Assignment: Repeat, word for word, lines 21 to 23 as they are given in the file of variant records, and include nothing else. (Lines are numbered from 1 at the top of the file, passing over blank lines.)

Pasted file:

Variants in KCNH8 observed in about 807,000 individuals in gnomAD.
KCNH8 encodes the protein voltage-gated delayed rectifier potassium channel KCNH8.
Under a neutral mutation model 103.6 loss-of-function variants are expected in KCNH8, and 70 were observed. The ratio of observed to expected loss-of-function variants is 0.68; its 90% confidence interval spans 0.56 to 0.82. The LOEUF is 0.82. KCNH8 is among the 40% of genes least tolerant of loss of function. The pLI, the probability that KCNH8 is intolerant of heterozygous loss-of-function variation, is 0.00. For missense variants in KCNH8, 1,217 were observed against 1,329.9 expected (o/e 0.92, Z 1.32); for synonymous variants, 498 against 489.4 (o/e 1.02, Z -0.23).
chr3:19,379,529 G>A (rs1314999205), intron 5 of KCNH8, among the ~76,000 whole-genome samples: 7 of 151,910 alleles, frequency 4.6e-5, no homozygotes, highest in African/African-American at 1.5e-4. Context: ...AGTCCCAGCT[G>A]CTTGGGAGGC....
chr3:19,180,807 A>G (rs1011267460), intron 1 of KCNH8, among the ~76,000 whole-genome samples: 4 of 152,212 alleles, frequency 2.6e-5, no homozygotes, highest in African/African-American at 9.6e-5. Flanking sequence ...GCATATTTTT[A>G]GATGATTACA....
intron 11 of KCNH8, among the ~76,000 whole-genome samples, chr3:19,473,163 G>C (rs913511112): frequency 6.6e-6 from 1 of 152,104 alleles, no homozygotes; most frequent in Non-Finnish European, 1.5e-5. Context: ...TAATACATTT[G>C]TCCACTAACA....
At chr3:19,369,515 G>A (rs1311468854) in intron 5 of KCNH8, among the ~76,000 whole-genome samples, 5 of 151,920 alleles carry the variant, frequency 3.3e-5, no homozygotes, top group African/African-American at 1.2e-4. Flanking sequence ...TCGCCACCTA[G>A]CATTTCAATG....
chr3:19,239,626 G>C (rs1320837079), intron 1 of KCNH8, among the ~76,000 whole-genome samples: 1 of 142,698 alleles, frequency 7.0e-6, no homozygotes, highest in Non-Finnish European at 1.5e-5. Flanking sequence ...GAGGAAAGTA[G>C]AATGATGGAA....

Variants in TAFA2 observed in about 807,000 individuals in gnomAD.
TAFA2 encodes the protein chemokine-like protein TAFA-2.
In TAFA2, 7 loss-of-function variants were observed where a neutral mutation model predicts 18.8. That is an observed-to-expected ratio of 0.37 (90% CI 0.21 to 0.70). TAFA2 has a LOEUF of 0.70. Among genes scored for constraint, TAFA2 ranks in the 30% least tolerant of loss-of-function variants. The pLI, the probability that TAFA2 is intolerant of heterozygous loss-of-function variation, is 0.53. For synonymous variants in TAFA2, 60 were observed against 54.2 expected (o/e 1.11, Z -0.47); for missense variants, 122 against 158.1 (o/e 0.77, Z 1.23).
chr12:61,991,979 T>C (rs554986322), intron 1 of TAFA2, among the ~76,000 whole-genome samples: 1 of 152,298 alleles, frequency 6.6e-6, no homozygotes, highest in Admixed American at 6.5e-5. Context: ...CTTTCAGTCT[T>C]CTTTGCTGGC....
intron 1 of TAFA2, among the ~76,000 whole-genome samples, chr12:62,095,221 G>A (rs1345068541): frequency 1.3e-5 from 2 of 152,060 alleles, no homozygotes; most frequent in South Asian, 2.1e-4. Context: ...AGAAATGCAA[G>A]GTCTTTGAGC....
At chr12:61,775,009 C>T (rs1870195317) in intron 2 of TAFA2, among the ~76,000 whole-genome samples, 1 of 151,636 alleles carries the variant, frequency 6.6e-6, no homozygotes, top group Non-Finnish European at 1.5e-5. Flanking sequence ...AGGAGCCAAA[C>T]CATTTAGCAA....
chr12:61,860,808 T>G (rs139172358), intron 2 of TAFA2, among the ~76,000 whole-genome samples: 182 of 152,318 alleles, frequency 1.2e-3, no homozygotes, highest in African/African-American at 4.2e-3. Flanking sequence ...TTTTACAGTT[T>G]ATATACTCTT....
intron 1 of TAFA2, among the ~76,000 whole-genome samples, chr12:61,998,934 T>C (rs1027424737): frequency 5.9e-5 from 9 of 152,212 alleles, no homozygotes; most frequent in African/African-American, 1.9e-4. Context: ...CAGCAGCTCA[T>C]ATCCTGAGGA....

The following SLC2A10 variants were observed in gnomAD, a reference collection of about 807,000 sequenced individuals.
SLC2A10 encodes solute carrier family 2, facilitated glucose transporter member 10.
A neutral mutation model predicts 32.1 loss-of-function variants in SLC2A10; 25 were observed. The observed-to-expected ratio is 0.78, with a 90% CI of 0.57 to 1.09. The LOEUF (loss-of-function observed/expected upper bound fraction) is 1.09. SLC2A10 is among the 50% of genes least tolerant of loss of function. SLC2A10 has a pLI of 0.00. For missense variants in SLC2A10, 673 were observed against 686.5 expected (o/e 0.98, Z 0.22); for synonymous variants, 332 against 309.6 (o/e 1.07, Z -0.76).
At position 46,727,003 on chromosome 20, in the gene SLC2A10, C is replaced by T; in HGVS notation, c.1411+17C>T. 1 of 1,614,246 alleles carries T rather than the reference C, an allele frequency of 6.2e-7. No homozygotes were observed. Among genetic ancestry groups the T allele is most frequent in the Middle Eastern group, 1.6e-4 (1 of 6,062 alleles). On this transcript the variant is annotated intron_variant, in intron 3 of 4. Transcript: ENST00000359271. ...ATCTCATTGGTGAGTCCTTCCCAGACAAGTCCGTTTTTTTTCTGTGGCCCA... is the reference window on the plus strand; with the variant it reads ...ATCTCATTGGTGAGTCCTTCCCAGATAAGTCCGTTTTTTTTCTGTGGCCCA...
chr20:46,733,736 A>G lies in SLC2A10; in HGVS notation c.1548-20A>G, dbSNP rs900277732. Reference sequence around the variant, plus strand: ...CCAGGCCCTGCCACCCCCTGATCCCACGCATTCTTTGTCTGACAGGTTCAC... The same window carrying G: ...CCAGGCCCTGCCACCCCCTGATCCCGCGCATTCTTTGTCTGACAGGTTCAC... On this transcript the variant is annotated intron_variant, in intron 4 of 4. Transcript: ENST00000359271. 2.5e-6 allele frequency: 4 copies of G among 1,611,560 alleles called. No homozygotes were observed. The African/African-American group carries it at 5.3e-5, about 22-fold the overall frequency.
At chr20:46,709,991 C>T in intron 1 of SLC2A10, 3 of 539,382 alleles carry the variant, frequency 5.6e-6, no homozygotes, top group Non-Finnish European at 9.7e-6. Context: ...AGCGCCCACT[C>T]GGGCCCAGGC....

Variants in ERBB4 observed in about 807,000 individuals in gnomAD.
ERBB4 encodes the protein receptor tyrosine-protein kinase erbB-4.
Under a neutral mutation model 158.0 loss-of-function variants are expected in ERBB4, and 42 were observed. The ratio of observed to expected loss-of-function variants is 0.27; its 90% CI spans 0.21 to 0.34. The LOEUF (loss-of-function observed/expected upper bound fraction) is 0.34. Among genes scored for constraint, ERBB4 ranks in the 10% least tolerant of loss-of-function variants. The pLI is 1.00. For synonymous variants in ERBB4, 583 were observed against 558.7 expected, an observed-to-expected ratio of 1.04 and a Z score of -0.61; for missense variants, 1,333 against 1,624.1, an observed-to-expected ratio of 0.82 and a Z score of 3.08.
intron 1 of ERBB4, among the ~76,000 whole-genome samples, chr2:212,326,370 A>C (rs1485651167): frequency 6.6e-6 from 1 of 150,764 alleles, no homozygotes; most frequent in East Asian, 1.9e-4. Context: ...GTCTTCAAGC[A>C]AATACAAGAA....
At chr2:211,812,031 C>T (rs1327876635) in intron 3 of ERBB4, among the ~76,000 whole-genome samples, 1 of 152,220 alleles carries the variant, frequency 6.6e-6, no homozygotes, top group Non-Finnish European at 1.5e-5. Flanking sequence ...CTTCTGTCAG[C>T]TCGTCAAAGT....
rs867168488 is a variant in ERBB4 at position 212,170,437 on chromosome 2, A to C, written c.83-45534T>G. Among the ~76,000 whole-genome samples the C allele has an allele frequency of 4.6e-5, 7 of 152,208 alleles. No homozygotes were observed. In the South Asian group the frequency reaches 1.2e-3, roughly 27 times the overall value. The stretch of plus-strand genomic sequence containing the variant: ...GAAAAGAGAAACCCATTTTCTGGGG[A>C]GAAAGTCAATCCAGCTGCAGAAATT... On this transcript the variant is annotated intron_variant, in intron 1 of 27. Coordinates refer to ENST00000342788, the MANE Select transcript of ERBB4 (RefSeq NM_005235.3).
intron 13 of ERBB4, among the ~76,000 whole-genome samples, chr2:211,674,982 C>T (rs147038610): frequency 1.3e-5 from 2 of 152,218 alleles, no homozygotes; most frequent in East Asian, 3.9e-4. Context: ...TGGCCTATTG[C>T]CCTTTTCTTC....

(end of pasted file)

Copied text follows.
chr20:46,733,736 A>G lies in SLC2A10; in HGVS notation c.1548-20A>G, dbSNP rs900277732. Reference sequence around the variant, plus strand: ...CCAGGCCCTGCCACCCCCTGATCCCACGCATTCTTTGTCTGACAGGTTCAC... The same window carrying G: ...CCAGGCCCTGCCACCCCCTGATCCCGCGCATTCTTTGTCTGACAGGTTCAC... On this transcript the variant is annotated intron_variant, in intron 4 of 4. Transcript: ENST00000359271. 2.5e-6 allele frequency: 4 copies of G among 1,611,560 alleles called. No homozygotes were observed. The African/African-American group carries it at 5.3e-5, about 22-fold the overall frequency.
At chr20:46,709,991 C>T in intron 1 of SLC2A10, 3 of 539,382 alleles carry the variant, frequency 5.6e-6, no homozygotes, top group Non-Finnish European at 9.7e-6. Context: ...AGCGCCCACT[C>T]GGGCCCAGGC....

Variants in ERBB4 observed in about 807,000 individuals in gnomAD.